John Eskenazi, Ltd., London
European Private Collection, acquired in 2001
Gaja Lakshmi, the Goddess of Fortune, is venerated as a bringer of good fortune and well-being to the earth, of which she was an early personification. She wears a long transparent chiton with delicate pleats pooling on the base, beaded jewelry, large hoop earrings, and stylized mural crown. The two elephants that lustrate her with water from pots held in their trunks symbolize the rainclouds of the monsoon and, thus, a successful harvest. This aspect is further emphasized by the cornucopia cradled in her left arm—derived from the Greek Tyche or Roman Fortuna. The diminutive figure of a supplicant kneels at her right foot and her recumbent trusty lion supports her as a throne.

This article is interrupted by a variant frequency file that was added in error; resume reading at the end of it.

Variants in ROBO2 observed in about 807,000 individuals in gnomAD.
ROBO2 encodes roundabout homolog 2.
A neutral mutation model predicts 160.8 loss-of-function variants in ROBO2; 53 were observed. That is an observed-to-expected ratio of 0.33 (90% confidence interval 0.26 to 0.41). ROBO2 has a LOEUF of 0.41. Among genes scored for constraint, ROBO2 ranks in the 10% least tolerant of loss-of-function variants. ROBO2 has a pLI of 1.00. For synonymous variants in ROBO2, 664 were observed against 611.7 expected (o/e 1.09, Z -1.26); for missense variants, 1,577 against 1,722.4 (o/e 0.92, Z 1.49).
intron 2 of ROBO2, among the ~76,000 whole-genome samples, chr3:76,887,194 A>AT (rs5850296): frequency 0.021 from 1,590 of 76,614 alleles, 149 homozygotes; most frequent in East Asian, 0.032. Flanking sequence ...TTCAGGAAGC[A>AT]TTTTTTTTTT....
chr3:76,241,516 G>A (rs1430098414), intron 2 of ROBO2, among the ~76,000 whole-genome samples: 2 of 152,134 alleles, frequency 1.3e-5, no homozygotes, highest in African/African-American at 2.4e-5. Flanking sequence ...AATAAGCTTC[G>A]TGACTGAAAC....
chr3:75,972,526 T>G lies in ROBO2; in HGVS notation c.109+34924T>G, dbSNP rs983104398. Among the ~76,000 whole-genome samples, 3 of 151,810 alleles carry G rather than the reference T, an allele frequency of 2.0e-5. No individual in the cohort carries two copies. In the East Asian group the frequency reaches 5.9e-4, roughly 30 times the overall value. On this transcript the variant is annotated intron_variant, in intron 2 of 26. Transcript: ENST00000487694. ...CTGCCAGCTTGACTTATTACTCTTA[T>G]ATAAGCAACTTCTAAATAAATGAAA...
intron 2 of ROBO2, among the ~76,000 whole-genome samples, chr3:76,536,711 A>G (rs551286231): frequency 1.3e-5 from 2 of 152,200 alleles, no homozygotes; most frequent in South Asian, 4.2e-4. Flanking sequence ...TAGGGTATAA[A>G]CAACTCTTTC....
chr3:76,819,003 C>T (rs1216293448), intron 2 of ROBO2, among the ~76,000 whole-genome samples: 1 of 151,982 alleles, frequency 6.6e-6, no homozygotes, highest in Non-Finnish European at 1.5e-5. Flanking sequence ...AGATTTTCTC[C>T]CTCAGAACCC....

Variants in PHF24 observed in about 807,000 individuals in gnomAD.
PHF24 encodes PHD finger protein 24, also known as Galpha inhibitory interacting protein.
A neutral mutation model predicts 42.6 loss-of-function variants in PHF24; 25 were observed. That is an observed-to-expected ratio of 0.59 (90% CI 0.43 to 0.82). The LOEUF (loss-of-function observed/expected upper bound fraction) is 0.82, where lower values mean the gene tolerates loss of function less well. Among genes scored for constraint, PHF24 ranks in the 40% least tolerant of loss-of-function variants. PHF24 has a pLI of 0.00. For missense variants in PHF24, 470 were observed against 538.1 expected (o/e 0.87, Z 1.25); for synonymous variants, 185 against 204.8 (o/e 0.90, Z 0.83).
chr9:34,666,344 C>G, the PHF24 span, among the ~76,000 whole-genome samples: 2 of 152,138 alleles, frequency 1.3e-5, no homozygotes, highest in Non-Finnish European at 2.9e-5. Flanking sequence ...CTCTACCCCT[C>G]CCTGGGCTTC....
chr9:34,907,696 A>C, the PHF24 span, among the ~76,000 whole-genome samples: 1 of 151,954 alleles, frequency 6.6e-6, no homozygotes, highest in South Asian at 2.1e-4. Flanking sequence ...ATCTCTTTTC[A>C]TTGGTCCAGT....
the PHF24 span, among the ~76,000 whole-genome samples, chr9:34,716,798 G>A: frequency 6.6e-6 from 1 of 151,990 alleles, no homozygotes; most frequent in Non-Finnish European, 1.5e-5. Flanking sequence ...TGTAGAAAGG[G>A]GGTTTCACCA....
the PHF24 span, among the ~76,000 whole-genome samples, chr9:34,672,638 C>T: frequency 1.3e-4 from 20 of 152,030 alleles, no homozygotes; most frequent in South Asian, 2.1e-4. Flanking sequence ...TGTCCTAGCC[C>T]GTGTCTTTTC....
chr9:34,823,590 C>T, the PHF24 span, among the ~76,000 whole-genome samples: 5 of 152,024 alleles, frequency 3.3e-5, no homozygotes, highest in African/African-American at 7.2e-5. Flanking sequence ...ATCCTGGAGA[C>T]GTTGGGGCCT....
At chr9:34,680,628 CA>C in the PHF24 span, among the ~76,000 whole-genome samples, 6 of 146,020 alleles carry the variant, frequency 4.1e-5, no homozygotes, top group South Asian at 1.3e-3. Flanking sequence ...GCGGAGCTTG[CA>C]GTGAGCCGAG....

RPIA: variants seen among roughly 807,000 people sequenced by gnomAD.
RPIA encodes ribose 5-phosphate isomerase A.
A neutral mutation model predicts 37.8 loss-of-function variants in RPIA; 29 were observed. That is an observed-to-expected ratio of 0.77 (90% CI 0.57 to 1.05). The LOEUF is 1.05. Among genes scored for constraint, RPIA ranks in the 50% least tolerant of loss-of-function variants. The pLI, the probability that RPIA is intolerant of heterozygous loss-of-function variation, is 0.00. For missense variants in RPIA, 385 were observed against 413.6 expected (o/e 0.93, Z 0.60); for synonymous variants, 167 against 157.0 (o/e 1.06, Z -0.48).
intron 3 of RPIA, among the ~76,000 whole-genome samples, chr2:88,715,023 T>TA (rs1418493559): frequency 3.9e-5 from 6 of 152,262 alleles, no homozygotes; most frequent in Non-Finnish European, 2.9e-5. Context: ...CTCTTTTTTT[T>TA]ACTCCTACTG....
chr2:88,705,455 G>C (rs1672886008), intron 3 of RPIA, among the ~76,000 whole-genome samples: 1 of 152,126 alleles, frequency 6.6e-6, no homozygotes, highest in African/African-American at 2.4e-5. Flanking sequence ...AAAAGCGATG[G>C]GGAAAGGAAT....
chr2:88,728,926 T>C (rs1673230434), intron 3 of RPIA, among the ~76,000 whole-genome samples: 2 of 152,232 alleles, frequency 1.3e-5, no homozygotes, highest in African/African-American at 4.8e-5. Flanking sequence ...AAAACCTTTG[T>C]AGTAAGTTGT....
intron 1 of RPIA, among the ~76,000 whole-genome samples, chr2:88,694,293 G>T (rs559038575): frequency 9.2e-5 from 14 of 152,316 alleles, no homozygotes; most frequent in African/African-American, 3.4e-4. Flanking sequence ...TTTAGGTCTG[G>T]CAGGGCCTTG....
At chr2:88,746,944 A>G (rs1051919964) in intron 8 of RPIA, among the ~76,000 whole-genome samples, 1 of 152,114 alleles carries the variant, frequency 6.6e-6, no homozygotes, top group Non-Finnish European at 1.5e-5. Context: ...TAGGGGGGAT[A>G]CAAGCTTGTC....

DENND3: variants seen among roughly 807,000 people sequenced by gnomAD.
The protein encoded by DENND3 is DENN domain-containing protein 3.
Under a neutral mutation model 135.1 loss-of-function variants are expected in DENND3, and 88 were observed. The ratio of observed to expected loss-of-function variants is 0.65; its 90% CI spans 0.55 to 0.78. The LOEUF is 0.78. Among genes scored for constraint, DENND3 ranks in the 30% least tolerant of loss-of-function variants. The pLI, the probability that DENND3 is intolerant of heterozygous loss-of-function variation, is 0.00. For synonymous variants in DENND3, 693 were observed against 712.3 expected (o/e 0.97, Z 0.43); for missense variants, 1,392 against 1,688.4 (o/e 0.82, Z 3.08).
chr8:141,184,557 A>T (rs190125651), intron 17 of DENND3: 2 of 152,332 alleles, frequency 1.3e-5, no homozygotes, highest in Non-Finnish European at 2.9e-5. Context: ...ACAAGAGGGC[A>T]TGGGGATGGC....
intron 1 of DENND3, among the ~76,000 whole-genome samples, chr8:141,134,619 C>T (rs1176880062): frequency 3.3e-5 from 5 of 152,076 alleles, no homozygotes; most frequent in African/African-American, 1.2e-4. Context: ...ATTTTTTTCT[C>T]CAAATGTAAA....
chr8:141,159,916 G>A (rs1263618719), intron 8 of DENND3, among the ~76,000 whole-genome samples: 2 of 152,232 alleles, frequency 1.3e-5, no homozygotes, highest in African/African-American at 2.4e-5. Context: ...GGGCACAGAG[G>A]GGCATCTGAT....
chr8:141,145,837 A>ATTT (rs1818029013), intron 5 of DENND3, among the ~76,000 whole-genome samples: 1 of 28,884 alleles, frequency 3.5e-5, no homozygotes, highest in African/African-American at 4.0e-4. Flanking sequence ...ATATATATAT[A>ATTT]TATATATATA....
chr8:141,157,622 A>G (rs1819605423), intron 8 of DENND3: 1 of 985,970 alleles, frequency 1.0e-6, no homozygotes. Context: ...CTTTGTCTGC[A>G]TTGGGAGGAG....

Two related examples are at The Metropolitan Museum of Art (acc. nos. 1989.236.4 and 1991.407.2). Two other related sculptures from the Alsdorf Collection are published in Pal, P., A Collecting Odyssey, Indian, Himalayan, and Southeast Asian Art from the James and Marilynn Alsdorf Collection, Art Institute of Chicago exhibition catalogue, 1997, nos. 243 and 244. Dr. Pal notes of the Alsdorf pieces that: “These two small icons, probably used for domestic devotions, depict an interesting form of Lakshmi that was prevalent only in the northwest of the subcontinent, including Kashmir.” See also, Pal, P., The Arts of Kashmir, Asia Society exhibition catalogue, New York, 2007, fig. 63.